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In the world of big tickets and big money, the large hedge funds and investment firms never cared about what the retail traders were doing, nor did they even want to hear about it. Maybe one or two times in my 35 years on the floor have I heard a fund trader ask me what the retail was up to ...

The credit crisis and the customer base: Not very often do you hear the little guys complain, you really don't. Most of the time when something big is going on the networks reach out to the most well-known. They do not take the time to roll the cameras in front of a “little” guy or someone who is not in the public eye. When all the big Wall Street brokerage and trading firms were going out of business during the credit crisis, did you see any small retail guys complaining about losing 50% of their retirement account? I know a lot a people lost a lot of money, but in all honesty I personally did not hear that many people complain. What did happen when the losses started piling up was that thousands of people quit trading. Personally, I lost all my retirement money and my daughter’s college money, so I do know what it feels like, and to tell the truth I never complained. Did I like what was going on? No, but like many people there was nothing I could do about it. Unlike the futures and the zero sum game, my losses were real and they came all in one day, the day of the flash crash. For others it was a slower process. That said, I firmly believe that if there were 2 million retail futures traders in the United States that number is a third of what it was prior to 2007. It’s a simple thought process, if you can't pay your mortgage or your electric bill or your phone you're probably not trading your futures account. Most of this damage was prior to MF Global and PFG, they were just the icing on the cake.

Take a licking and keep on ticking: The retail traders of today are far better informed than many of the new, young traders who work at the banks and hedge funds. It’s a perfect example of what a college education cannot teach you. Today’s retail traders have been through a tsunami of economic and fundamental changes that have occurred over the last several years. The speed of the changes has brought on new awareness. The smaller traders have the same access to the exchange data feeds and high-speed access as the big investment firms do. The other part that no one talks about is most of the trading systems and algorithmic programs are being written by young people getting out of college and other retail traders. And the existing retail traders don't sit around losing money like they used to either.

In the end we all know that in order to stay ahead of the curve you constantly have to be retooling, looking for other things that work. The other part is if  you made it this far there is a good chance that you have adapted to the new world trading order. As a street guy I have learned to roll with the punches and I try my best to have a forward-looking view.  I don't like what happened during the credit crisis, but I all can do is put my head down and plow forward. If that means knocking off a few brokers along the way... so be it.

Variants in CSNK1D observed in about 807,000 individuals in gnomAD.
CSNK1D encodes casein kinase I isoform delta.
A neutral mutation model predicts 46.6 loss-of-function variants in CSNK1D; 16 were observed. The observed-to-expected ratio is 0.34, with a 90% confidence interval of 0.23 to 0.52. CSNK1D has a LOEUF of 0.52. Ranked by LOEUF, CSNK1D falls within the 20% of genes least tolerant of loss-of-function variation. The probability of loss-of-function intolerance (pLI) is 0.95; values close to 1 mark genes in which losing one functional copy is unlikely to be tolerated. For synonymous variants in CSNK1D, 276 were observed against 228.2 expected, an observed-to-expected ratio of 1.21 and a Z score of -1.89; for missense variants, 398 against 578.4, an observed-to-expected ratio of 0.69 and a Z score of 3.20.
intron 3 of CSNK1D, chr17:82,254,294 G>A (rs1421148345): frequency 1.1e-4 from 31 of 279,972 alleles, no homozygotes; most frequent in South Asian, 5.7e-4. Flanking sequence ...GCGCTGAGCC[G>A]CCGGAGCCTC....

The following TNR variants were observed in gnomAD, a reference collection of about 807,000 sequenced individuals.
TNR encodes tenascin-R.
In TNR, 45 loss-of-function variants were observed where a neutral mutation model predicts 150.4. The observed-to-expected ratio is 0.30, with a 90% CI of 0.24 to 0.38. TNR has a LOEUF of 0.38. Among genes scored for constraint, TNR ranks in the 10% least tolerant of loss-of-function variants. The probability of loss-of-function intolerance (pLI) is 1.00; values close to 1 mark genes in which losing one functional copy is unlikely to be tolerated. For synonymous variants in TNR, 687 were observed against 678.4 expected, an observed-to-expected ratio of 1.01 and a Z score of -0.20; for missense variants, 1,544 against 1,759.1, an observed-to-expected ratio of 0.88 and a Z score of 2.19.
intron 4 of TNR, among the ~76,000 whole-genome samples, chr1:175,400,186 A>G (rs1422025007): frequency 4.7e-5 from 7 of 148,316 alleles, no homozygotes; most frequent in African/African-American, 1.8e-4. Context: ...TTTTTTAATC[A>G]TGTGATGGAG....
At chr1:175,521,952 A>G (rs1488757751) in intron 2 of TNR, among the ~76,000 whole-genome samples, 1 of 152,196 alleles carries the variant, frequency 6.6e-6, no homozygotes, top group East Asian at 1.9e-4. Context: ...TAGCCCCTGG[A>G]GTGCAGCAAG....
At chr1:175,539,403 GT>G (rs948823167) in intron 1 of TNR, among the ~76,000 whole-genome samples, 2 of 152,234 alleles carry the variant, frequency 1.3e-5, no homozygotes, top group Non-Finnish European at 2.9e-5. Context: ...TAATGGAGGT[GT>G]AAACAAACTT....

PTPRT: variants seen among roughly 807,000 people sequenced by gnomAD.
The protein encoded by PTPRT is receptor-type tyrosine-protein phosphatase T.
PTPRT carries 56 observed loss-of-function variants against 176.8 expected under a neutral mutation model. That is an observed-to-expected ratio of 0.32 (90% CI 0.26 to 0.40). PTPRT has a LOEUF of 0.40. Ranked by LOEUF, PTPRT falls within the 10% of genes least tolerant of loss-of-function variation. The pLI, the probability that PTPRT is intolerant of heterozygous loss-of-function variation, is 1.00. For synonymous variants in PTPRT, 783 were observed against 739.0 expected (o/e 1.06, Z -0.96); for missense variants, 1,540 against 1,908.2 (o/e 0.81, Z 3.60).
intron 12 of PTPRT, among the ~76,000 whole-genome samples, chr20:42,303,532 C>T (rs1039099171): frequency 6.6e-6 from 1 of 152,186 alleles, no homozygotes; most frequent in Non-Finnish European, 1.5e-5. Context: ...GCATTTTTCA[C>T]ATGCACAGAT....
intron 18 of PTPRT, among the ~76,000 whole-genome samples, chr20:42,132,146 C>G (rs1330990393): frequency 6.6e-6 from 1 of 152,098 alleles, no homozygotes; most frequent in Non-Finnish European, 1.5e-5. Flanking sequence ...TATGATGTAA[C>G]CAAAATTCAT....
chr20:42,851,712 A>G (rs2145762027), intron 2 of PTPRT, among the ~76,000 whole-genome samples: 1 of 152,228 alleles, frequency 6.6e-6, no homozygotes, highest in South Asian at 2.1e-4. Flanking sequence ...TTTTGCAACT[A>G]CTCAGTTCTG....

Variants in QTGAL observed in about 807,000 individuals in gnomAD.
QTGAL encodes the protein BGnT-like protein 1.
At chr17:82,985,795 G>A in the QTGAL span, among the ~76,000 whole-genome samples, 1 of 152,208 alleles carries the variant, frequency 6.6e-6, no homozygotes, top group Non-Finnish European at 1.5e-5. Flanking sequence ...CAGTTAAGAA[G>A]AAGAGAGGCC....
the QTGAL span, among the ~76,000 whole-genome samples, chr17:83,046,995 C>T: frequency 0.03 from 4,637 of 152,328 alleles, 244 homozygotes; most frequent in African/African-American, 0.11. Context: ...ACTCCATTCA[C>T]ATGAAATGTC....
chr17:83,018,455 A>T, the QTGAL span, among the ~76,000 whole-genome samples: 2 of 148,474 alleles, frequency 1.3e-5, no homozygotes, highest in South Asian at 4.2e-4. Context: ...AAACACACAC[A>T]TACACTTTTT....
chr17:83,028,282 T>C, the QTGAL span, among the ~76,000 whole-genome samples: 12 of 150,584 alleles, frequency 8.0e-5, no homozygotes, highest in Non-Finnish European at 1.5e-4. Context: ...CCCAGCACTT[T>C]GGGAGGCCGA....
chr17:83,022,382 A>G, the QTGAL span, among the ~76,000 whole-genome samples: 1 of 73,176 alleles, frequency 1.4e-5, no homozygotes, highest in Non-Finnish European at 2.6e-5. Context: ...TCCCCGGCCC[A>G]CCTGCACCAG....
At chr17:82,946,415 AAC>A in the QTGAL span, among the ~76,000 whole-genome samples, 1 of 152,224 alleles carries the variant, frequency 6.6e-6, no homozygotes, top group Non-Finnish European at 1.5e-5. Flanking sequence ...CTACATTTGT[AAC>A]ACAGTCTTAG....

Trade well,

Danny Riley is a 34-year veteran of the trading floor. He has helped run one of the largest S&P desks on the floor of the CME Group since 1985.

Our view: Remember how there was a period when the S&P futures were down Monday through Wednesday and then would firm up Thursday and Friday? Well, that’s where I think we are today. The other part of this is the Pit Bull’s rule about looking for a low the Thursday / Friday the week before the expiration. Our guess is the futures continue up a bit this a.m. and that you can sell the rally but the idea over the next few days is to switch the bias to buying weakness. As always, keep an eye on the 10-handle rule and please use stops.

According to the Ned Davis S&P cash study for the January expiration:

Friday           has been up 13/ down 16 of the last 29 occasions

Monday        has been up 13/ down   9 of the last 22  occasions
Tuesday        has been up 19/ down 10 of the last 29 occasions
Wednesday   has been up 15/ down 14 of the last 29 occasions
Thursday      has been up 17/ down 12 of the last 29 occasions
Friday           has been up 16/ down 13 of the last 22 occasions

Monday        has been up  9/ down 13 of the last 29 occasions

  • It’s 7:15 a.m. and the ESH is trading 1461.50, up 5.75 handles; crude is up 94 cents at 94.04; and the euro is up 60 pips at 1.3122.
  • In Asia, 8 out of 11 markets closed higher (Shanghai Comp. +0.37%, Hang Seng +0.59%)
  • In Europe, 8 out of 12 markets are trading higher (CAC -0.23%, DAX +0.22%).
  • Today’s headline: “S&P 500 Futures Gain, Spanish Bonds Rally”
  • Economic calendar: Today: Jobless claims, wholesale trade, natural gas inventories, Fed's George speaks, 30-yr bond auction, Fed's Bullard speaks, Fed's balance sheet, money supply, Fed's Kocherlakota speaks. FRIDAY: International trade, import and export prices, Fed's Plosser speaks, Treasury budget, Best Buy to report holiday sales and earnings from Wells Fargo
  • Total volume: 1.18 mil ESH and 7.8k SPH traded
  • Fair value: S&P +5.75, NASDAQ +13.75
  • MrTopStep Closing Print Video:


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